J-1 Intern / Trainee for Cultural Exchange and Career Growth

The category of J-1 intern or trainee is sometimes overlooked as a useful option for individuals and employers. Many foreign nationals aspire to gain professional experience in the United States to enhance their long-term career opportunities in their home countries. These individuals may believe their only options are to either come to the U.S. to study in F-1 or work in H1B status, but some may be better served by participating in a J-1 exchange program as an intern or trainee.

Designed to Expose Foreign Nationals to U.S. Culture and Business Practices

The J-1 exchange visitor program is administered by the U.S. Department of State (DOS). The program has the overall goal of fostering international exchange and development, by providing opportunities for foreign nationals to engage in designated permissible types of activities in the United States. There are J-1 categories for exchange visitors who wish to enter the U.S. to work, teach, study, or participate in other programs.

J-1 Trainee / Intern Programs Limited to Certain Fields

If a U.S. company has a bona fide program aimed at providing professional and cultural training, it may be able to host foreign national trainees or interns in one of seven specified fields. These fields include information media and technology; management, business, commerce and finance; science, engineering, architecture, mathematics, and industrial occupations; public administration and law; arts and culture; tourism; and social sciences, library science, non-clinical counseling, and social services.

Sponsors Must Be Authorized

The DOS WebSite provides a comprehensive database of authorized sponsors searchable by a specific J-1 category. A host company that has been designated by the DOS to administer a J-1 program is responsible for generating the forms necessary for one to apply for a J-1 visa abroad or a change of status from within the United States. In many cases, the sponsor will also serve as that individual’s employer or host, but in some cases, the sponsor is a different “umbrella” entity that oversees the program and has an arrangement with the DOS in setting up the international exchange program.

J-1 Trainee Requirements

The maximum length of stay for most J-1 trainee programs is 18 months. The prospective trainee must have a degree or certificate from abroad and at least one year of experience related to the proposed training. Once the training program is completed, the trainee has to reside outside of the United States for at least two years prior to participation in another J-1 program. (This requirement should not be confused with the two-year home residency requirement that applies to J-1 participants under certain conditions. The home residency requirement is discussed in greater detail on MurthyDotCom in Overview of the J-1 Visa Process.)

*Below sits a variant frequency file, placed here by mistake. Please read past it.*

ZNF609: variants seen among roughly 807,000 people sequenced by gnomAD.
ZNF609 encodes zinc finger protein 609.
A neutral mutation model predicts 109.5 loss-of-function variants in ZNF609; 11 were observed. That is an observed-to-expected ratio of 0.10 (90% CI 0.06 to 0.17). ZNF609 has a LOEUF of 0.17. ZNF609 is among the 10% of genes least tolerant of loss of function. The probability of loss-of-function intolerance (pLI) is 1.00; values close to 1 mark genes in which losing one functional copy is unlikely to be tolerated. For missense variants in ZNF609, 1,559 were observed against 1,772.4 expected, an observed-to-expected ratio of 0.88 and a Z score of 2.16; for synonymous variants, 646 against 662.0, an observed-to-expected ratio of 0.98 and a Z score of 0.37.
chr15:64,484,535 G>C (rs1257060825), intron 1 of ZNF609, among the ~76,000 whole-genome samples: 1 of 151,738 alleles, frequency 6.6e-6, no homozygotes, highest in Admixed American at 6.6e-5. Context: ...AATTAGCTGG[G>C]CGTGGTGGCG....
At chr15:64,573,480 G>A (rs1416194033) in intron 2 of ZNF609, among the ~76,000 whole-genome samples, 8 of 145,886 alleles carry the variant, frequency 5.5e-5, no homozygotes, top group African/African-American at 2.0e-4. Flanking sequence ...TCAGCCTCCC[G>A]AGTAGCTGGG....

J-1 Intern Requirements

The maximum length of stay for a J-1 intern is 12 months. The prospective intern must currently be enrolled in a degree or certificate program at a foreign post-graduate academic institution, or have graduated from such an institution no more than 12 months prior to the start of the J-1 program. An intern can complete one program and then immediately move to intern at another, as long as the individual continues to meet these requirements. On the other hand, a J-1 intern cannot move then to a J-1 trainee program until the individual first leaves the United States for at least two years.


The J-1 trainee or intern is another possibility to consider for foreign nationals interested in progressing within a particular field, while also gaining exposure to professional life and culture in the United States. Individuals with questions about enrolling in one of these J-1 programs, and organizations seeking to create their own J-1 trainee or intern programs, are encouraged to schedule a consultation with a Murthy Law Firm attorney.

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Disclaimer: The information provided here is of a general nature and may not apply to any specific or particular circumstance. It is not to be construed as legal advice nor presumed indefinitely up to date.